Immediately a “greyness” fogs my mind spoiling the red haze of righteous anger I’m nurturing. Unsettled by the feeling, I sway forward, bumping the gun barrel against the glass. The dull clunk has two effects. Kristine snaps awake, and the grey fog dissipates. Kristine searches for the origin of the sound with bleary eyes. Hurriedly I drop the shotgun to a casual one-handed grip at my side.
Sleep slips gradually from her face and my hulking attendance outside the glass is noticed without pleasure. She looks down at Shanna who receives a smile woodenly. Something I can’t hear is muttered to her and the overt favouritism picks at the open sore of jealousy on my heart. I feel a nasty pleasure when Shanna shifts away from Kristine’s touch.
The glass door rumbles open and Kristine leaves the trauma room to move in close to me. The urge to hug her dies as she stares me down. Drugged as I am, I have the dubious advantage of not flinching forcing Kristine to break our face-off.
“Look! No monster.”
The assertion is followed by her wide open mouth being thrust at my face. She extends her tongue so I can see all the way inside. I note that her gums are a healthy pink before remarking on her aggressive display.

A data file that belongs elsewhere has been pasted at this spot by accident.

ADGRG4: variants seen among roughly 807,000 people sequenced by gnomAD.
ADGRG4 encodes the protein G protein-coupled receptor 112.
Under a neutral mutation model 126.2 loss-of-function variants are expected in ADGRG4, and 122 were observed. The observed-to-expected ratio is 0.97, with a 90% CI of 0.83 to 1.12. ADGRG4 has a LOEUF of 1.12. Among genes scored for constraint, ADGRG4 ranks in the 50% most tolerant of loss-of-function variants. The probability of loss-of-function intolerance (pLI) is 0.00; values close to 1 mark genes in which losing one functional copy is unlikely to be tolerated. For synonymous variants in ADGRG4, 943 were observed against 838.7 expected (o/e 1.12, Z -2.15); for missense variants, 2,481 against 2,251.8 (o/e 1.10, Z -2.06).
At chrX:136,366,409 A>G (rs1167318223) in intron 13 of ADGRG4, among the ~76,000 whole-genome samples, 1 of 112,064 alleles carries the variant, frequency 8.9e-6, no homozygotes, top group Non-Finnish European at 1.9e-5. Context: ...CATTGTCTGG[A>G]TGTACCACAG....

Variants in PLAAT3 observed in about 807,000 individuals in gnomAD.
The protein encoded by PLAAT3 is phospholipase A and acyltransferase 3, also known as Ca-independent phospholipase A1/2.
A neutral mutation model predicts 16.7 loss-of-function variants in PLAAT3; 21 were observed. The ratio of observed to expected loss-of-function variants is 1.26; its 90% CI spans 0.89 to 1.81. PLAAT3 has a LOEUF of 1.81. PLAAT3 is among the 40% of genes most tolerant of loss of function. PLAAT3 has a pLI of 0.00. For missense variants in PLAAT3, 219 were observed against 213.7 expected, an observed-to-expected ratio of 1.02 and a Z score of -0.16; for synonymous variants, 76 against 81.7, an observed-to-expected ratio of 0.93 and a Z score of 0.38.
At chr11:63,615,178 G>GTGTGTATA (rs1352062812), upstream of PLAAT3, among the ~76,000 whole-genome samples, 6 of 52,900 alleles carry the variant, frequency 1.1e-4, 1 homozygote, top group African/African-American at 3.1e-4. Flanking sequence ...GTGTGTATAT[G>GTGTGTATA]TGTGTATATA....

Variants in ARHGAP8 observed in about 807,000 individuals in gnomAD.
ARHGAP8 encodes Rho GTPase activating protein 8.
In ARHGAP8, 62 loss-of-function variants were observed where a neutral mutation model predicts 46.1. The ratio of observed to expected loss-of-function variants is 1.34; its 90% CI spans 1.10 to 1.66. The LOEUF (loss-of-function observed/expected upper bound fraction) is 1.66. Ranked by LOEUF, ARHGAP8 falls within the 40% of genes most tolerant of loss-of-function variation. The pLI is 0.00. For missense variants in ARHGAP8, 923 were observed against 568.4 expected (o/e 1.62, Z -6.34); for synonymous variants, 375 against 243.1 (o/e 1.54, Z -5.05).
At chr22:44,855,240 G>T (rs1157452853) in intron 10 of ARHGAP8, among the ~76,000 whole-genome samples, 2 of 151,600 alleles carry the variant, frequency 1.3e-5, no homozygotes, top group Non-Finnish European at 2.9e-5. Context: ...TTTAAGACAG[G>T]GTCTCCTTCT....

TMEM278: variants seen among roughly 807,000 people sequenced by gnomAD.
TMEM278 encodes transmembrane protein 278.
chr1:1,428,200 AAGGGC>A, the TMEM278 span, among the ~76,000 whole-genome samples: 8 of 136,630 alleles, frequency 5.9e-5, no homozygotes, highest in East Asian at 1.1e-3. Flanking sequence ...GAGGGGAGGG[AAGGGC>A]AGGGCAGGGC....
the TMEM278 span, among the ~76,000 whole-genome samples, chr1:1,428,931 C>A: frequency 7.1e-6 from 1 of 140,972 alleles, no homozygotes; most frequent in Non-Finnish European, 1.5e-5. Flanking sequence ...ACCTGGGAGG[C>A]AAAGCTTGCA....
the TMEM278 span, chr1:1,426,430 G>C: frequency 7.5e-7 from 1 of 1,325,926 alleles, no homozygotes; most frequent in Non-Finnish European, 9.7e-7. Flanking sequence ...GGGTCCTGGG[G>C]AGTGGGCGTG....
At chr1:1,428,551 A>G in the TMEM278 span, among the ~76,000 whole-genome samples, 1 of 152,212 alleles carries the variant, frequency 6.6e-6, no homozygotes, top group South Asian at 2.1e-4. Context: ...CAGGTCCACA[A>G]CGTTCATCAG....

“That’s not funny.”
“You sure looked for a long time. Need a torch?”
Her contempt has me feeling deservedly stupid.
“No, umm, sorry. I’ve been thinking.”
She crosses her arms and waits; foregoing the obvious, tension-breaking quip. Her set of keys clink brightly as I toss them on a table.
“Here. Have these back. I want to talk.”
“Talk or make more demands?”
“I’m not up to arguing with you so let’s try to be rational.”
“So, you gonna let us out?”
“No that thing, just you. Locking you in with it was... unforgivable. But letting it out is not going to happen. That’s what we need to talk about.”
I’ll decide what we are going to talk about. Like, what were you planning to do with that gun. Shanna showed me you pointing it at her.”
Her pistol is on the table, left from the night before. She doesn’t reach for it, though both our eyes flick that way for a moment.
“Yeah? You’re letting that thing into your mind?”
She clams up. Her secretiveness is as good as a signed statement of guilt.
“Look, you need to come upstairs. I’ll cook you breakfast and you can have a good sleep. I’ve got a clearer head after my...uhh...rest. I was very stressed yesterday. I wasn’t making sense.”